Convective mass transfer for cleaning and decontamination

You may contact the supervisor directly or make a general enquiry.

Title

Convective mass transfer for cleaning and decontamination

Group Continuum Mechanics
Supervisors
Description

Cleaning and decontamination processes can rely on different mechanisms to remove a patch of alien substance attached to a substrate. A shear flow covering the substrate can remove the substance through mechanical forces, potentially combined with chemical surfactant agent decreasing the adhesion of the substance onto the surface. However, this project is concerned with a second type of mechanism which is based on the dissolution of the substance into the cleaning fluid flow covering the substance.

This second type of cleaning process establishes a convective mass transfer between the alien phase and the cleaning phase. Several applications rely on this process, particularly when the dispersion of the substance is unwanted, such as in the decontamination process of toxic chemical spills. In our daily life, the cleaning mechanism more and more favoured in dishwashers relies also on a convective mass transfer as it has been shown empirically to reduce energy and water consumption.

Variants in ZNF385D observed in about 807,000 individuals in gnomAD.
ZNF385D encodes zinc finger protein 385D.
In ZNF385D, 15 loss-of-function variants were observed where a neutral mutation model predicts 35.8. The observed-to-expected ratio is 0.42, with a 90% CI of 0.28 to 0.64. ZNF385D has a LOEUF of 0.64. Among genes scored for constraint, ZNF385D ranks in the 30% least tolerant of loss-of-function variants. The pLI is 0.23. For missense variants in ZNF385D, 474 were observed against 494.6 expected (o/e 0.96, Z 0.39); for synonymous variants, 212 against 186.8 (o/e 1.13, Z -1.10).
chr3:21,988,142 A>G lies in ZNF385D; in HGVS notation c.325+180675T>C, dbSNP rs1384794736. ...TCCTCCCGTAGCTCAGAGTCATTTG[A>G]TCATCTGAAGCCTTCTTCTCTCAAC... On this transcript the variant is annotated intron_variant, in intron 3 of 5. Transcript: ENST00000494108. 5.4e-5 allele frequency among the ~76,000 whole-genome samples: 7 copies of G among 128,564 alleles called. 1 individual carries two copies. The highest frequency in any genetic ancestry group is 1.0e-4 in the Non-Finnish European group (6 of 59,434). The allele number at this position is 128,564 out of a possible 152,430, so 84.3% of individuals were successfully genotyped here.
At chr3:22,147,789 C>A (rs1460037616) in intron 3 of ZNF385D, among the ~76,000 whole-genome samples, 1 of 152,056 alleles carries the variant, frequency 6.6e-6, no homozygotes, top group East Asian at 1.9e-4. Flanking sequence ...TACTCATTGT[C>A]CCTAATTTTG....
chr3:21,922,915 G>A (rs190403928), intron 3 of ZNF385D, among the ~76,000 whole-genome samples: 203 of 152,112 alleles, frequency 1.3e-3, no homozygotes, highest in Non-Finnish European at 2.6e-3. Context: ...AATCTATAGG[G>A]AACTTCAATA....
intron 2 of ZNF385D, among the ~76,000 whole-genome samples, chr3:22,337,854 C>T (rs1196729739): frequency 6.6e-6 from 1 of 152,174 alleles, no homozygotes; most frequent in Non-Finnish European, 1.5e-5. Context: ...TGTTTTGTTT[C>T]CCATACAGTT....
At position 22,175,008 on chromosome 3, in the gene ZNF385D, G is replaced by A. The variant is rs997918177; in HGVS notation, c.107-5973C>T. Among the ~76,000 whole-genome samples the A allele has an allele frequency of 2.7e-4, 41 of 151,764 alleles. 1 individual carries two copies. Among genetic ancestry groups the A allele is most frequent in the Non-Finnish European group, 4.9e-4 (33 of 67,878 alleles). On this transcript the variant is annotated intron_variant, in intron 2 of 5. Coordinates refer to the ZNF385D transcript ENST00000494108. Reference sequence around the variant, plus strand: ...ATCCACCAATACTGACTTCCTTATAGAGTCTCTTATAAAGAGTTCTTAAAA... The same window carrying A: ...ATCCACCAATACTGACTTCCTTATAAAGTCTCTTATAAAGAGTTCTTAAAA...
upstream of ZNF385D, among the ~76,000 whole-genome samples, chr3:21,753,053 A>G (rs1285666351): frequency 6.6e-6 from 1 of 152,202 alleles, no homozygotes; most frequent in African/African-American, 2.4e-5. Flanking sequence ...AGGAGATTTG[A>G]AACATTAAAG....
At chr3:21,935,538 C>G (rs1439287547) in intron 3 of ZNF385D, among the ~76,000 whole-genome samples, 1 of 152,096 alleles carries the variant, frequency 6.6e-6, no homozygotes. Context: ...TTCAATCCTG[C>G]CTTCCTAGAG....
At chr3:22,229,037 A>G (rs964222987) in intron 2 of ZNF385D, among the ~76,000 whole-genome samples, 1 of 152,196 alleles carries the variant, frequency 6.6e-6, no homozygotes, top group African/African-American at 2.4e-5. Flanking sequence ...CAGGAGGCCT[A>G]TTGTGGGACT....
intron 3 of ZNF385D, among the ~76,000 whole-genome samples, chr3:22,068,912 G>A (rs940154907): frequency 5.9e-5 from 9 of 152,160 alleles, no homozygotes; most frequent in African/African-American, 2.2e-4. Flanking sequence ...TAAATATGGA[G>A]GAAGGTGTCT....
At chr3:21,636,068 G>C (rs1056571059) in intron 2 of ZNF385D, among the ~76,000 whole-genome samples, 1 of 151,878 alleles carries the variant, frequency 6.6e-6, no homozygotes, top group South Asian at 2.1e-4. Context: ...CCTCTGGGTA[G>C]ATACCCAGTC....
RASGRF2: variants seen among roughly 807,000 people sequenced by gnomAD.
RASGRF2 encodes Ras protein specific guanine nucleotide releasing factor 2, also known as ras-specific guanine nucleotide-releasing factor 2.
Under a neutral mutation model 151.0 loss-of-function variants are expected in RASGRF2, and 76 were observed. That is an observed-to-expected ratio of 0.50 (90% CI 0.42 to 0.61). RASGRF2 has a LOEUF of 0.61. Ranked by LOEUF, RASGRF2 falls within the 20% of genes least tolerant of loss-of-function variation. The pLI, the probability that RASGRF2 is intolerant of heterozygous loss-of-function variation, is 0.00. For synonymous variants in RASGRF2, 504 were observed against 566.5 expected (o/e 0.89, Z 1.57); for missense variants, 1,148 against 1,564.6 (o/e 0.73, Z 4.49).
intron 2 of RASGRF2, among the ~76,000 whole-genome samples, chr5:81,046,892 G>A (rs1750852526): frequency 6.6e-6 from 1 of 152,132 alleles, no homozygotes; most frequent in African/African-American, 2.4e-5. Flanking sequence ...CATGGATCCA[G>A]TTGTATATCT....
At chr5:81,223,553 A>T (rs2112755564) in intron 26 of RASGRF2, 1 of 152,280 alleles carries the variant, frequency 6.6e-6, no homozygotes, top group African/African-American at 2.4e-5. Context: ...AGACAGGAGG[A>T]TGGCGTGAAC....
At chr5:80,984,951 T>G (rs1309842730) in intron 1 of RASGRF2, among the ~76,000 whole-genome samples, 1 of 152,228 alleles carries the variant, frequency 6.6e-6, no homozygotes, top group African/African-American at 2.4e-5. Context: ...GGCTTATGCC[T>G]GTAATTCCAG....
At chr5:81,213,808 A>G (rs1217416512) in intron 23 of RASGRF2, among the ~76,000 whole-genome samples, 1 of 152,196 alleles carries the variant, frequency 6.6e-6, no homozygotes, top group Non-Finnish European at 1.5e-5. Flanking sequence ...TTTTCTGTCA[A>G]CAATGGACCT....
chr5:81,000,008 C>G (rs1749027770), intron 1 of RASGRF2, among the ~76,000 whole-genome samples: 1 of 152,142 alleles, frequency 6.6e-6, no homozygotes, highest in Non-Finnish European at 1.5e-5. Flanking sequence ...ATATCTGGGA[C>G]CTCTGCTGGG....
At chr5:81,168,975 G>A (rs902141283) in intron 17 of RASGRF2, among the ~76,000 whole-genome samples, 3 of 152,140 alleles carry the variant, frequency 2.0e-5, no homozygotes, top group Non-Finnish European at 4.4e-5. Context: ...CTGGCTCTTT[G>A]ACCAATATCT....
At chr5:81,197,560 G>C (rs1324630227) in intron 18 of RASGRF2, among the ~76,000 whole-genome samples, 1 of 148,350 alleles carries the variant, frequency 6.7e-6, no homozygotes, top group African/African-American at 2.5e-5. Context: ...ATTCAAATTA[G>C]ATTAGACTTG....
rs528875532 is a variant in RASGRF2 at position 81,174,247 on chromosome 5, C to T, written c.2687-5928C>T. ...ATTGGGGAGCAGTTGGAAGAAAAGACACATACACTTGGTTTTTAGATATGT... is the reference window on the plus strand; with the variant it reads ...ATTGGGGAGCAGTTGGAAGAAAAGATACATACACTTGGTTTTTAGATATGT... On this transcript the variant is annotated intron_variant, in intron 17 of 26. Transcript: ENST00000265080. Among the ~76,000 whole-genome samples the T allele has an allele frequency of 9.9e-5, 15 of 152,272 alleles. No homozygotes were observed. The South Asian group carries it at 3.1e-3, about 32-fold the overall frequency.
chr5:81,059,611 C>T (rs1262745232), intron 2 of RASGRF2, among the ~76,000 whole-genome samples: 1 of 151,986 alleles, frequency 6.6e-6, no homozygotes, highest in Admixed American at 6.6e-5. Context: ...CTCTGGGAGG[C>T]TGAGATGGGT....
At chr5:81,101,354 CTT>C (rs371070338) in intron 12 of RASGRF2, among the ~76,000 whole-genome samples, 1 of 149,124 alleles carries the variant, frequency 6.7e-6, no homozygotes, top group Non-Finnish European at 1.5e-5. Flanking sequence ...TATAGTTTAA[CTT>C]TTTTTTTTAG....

This project will focus on the case of a film flow covering a single droplet containing several substances. Many fundamental questions are still unresolved in this multiphase convective mass transfer problem. In particular, we will study how advection processes inside the drop can influence the convective mass transfer. Effect of solubility and surface tension on the overall mass transfer can also be analysed. The project will explore these questions using a combination of experimentation, numerical simulations and theoretical analysis.

The project is suitable for an enthusiastic and creative candidate who has good knowledge in fluid mechanics and some experience in experimentation and numerical simulations.

Reference: J. R. Landel, A. L. Thomas, H. McEvoy and S. B. Dalziel. Convective mass transfer from a submerged drop in a thin falling film, Journal of Fluid Mechanics, 2016.

 

▲ Up to the top